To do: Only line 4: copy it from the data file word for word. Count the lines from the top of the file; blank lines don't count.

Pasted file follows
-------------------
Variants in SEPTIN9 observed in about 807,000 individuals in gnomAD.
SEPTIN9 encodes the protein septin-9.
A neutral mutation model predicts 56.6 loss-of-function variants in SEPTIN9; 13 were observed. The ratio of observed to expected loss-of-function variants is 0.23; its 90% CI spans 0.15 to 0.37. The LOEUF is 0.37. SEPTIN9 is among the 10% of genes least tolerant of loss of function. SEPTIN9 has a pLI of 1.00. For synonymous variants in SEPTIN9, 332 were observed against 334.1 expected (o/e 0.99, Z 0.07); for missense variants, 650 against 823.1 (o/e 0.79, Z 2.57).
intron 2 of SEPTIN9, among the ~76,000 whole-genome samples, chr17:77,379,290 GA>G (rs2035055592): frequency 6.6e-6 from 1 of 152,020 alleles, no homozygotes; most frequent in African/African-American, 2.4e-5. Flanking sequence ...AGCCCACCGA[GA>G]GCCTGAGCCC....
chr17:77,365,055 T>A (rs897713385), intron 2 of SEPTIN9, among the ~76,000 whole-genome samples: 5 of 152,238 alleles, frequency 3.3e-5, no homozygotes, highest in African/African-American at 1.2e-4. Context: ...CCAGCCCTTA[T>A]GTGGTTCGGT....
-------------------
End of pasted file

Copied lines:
intron 2 of SEPTIN9, among the ~76,000 whole-genome samples, chr17:77,379,290 GA>G (rs2035055592): frequency 6.6e-6 from 1 of 152,020 alleles, no homozygotes; most frequent in African/African-American, 2.4e-5. Flanking sequence ...AGCCCACCGA[GA>G]GCCTGAGCCC....